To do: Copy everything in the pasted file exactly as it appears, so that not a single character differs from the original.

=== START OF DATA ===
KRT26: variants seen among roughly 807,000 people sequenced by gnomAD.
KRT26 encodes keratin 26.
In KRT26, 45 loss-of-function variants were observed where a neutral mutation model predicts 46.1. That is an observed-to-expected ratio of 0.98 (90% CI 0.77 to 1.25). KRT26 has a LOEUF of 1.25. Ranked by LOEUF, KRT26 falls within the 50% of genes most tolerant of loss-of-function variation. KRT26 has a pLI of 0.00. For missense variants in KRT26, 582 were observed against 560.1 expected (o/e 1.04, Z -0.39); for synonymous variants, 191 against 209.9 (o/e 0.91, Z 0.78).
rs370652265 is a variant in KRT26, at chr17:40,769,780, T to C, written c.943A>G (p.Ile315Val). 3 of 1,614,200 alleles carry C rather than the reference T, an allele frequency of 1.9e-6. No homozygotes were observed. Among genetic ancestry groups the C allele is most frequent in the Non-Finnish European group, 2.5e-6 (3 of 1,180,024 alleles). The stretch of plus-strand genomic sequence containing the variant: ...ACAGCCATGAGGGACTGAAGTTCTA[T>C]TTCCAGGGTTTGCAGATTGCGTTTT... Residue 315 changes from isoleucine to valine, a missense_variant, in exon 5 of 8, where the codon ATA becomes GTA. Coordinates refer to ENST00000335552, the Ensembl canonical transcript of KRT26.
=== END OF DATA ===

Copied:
KRT26: variants seen among roughly 807,000 people sequenced by gnomAD.
KRT26 encodes keratin 26.
In KRT26, 45 loss-of-function variants were observed where a neutral mutation model predicts 46.1. That is an observed-to-expected ratio of 0.98 (90% CI 0.77 to 1.25). KRT26 has a LOEUF of 1.25. Ranked by LOEUF, KRT26 falls within the 50% of genes most tolerant of loss-of-function variation. KRT26 has a pLI of 0.00. For missense variants in KRT26, 582 were observed against 560.1 expected (o/e 1.04, Z -0.39); for synonymous variants, 191 against 209.9 (o/e 0.91, Z 0.78).
rs370652265 is a variant in KRT26, at chr17:40,769,780, T to C, written c.943A>G (p.Ile315Val). 3 of 1,614,200 alleles carry C rather than the reference T, an allele frequency of 1.9e-6. No homozygotes were observed. Among genetic ancestry groups the C allele is most frequent in the Non-Finnish European group, 2.5e-6 (3 of 1,180,024 alleles). The stretch of plus-strand genomic sequence containing the variant: ...ACAGCCATGAGGGACTGAAGTTCTA[T>C]TTCCAGGGTTTGCAGATTGCGTTTT... Residue 315 changes from isoleucine to valine, a missense_variant, in exon 5 of 8, where the codon ATA becomes GTA. Coordinates refer to ENST00000335552, the Ensembl canonical transcript of KRT26.